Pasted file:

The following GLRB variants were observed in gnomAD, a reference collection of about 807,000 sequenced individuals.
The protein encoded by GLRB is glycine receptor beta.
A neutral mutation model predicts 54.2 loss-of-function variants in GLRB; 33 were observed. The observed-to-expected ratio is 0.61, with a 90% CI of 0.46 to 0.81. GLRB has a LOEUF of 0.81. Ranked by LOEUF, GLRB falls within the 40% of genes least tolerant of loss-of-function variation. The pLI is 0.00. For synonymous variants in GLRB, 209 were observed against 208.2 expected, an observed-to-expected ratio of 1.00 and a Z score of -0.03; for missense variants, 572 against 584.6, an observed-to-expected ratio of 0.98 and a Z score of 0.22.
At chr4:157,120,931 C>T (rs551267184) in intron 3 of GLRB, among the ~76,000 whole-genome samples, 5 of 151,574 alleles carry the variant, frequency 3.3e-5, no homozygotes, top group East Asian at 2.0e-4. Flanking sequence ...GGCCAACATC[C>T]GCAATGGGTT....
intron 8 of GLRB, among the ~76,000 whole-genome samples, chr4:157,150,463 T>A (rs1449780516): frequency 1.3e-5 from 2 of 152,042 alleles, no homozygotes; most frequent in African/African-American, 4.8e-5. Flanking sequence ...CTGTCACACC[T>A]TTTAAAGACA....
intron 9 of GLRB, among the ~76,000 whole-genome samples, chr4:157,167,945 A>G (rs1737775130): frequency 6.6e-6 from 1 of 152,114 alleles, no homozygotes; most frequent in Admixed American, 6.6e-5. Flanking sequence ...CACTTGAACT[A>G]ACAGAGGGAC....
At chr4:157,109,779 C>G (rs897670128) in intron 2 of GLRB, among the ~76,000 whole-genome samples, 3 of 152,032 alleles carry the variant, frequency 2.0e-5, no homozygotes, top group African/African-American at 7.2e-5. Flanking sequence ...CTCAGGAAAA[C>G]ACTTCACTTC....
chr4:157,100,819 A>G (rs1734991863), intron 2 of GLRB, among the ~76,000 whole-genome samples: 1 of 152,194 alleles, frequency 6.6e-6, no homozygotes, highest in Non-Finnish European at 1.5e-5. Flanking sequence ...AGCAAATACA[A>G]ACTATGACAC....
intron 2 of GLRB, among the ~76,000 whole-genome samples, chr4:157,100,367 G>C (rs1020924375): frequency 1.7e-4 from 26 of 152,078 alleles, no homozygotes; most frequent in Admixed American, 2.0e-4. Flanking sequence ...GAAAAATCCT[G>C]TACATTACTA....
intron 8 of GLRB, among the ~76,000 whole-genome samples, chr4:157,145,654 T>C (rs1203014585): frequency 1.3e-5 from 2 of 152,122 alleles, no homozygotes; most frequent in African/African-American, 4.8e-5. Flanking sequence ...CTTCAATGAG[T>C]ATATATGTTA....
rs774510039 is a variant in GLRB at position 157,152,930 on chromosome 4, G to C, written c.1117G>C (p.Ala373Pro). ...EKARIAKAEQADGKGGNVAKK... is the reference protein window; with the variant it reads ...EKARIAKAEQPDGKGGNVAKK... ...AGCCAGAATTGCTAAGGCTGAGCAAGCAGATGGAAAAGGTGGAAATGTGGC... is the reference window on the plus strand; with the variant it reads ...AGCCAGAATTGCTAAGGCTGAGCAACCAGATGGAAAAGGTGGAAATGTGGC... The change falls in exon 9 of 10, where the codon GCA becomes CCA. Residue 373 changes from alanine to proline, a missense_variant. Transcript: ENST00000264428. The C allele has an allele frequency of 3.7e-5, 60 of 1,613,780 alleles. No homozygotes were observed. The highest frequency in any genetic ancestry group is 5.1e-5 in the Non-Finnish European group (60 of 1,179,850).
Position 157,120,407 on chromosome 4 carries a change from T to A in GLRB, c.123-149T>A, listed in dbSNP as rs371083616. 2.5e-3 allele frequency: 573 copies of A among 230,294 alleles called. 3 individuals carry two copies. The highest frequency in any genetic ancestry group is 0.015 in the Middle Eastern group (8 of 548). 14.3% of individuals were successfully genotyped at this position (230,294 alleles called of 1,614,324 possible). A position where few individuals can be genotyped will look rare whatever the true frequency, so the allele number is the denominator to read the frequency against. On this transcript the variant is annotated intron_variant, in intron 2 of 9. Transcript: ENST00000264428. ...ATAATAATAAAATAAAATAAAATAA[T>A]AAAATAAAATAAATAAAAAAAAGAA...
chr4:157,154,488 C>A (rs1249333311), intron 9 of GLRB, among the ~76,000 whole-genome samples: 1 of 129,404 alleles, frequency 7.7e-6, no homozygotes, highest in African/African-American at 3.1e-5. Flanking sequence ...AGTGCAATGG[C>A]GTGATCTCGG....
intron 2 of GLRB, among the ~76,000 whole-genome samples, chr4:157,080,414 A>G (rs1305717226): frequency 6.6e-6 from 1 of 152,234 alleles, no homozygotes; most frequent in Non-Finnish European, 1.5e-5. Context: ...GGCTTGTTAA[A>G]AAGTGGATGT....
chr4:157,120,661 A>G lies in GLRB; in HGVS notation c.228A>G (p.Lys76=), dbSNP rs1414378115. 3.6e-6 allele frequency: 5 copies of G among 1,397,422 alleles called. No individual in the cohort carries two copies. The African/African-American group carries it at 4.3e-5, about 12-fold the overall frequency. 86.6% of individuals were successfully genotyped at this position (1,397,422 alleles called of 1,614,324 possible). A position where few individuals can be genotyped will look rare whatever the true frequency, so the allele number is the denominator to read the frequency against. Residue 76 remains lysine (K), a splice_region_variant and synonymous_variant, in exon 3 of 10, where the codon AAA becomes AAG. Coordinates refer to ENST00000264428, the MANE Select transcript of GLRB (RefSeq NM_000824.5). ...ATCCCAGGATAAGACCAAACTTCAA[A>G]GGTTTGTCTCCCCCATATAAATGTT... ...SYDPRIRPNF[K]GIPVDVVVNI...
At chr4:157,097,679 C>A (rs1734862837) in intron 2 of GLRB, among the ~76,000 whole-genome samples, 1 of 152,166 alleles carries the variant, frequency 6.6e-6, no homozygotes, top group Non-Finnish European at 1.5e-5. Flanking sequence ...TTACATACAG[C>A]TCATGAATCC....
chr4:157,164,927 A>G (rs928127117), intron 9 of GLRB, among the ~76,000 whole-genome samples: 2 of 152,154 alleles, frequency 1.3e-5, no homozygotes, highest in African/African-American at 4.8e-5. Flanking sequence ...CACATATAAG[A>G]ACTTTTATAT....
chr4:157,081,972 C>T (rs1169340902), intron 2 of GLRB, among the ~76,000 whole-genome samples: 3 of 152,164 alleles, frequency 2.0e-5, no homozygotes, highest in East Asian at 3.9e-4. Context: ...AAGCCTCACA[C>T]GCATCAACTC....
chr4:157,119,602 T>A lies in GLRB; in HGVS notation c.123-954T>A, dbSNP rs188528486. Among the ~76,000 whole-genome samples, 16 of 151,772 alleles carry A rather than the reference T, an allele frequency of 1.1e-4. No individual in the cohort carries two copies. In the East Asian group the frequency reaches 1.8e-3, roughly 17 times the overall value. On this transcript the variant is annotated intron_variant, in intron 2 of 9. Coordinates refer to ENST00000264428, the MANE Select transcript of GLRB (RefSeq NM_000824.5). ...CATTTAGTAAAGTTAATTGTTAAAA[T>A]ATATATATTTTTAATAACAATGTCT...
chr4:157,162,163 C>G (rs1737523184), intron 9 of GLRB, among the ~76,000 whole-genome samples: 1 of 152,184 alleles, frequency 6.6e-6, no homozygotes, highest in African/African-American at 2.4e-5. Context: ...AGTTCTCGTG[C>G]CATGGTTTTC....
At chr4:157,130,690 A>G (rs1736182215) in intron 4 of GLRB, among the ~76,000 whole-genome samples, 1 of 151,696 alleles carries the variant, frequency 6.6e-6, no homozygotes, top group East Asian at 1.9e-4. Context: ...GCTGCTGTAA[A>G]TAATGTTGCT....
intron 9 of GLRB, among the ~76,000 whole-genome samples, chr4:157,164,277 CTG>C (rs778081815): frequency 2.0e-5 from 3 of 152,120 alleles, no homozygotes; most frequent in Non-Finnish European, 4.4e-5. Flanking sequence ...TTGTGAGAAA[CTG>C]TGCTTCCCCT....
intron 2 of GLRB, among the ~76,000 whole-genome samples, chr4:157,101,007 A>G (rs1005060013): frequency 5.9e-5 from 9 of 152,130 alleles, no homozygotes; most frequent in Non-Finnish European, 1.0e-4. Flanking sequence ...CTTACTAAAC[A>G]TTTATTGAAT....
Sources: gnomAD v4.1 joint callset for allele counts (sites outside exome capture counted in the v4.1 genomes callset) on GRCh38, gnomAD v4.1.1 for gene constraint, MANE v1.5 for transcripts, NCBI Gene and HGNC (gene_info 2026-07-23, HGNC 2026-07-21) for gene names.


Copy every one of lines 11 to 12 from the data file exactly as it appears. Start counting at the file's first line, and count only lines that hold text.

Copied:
rs774510039 is a variant in GLRB at position 157,152,930 on chromosome 4, G to C, written c.1117G>C (p.Ala373Pro). ...EKARIAKAEQADGKGGNVAKK... is the reference protein window; with the variant it reads ...EKARIAKAEQPDGKGGNVAKK... ...AGCCAGAATTGCTAAGGCTGAGCAAGCAGATGGAAAAGGTGGAAATGTGGC... is the reference window on the plus strand; with the variant it reads ...AGCCAGAATTGCTAAGGCTGAGCAACCAGATGGAAAAGGTGGAAATGTGGC... The change falls in exon 9 of 10, where the codon GCA becomes CCA. Residue 373 changes from alanine to proline, a missense_variant. Transcript: ENST00000264428. The C allele has an allele frequency of 3.7e-5, 60 of 1,613,780 alleles. No homozygotes were observed. The highest frequency in any genetic ancestry group is 5.1e-5 in the Non-Finnish European group (60 of 1,179,850).
Position 157,120,407 on chromosome 4 carries a change from T to A in GLRB, c.123-149T>A, listed in dbSNP as rs371083616. 2.5e-3 allele frequency: 573 copies of A among 230,294 alleles called. 3 individuals carry two copies. The highest frequency in any genetic ancestry group is 0.015 in the Middle Eastern group (8 of 548). 14.3% of individuals were successfully genotyped at this position (230,294 alleles called of 1,614,324 possible). A position where few individuals can be genotyped will look rare whatever the true frequency, so the allele number is the denominator to read the frequency against. On this transcript the variant is annotated intron_variant, in intron 2 of 9. Transcript: ENST00000264428. ...ATAATAATAAAATAAAATAAAATAA[T>A]AAAATAAAATAAATAAAAAAAAGAA...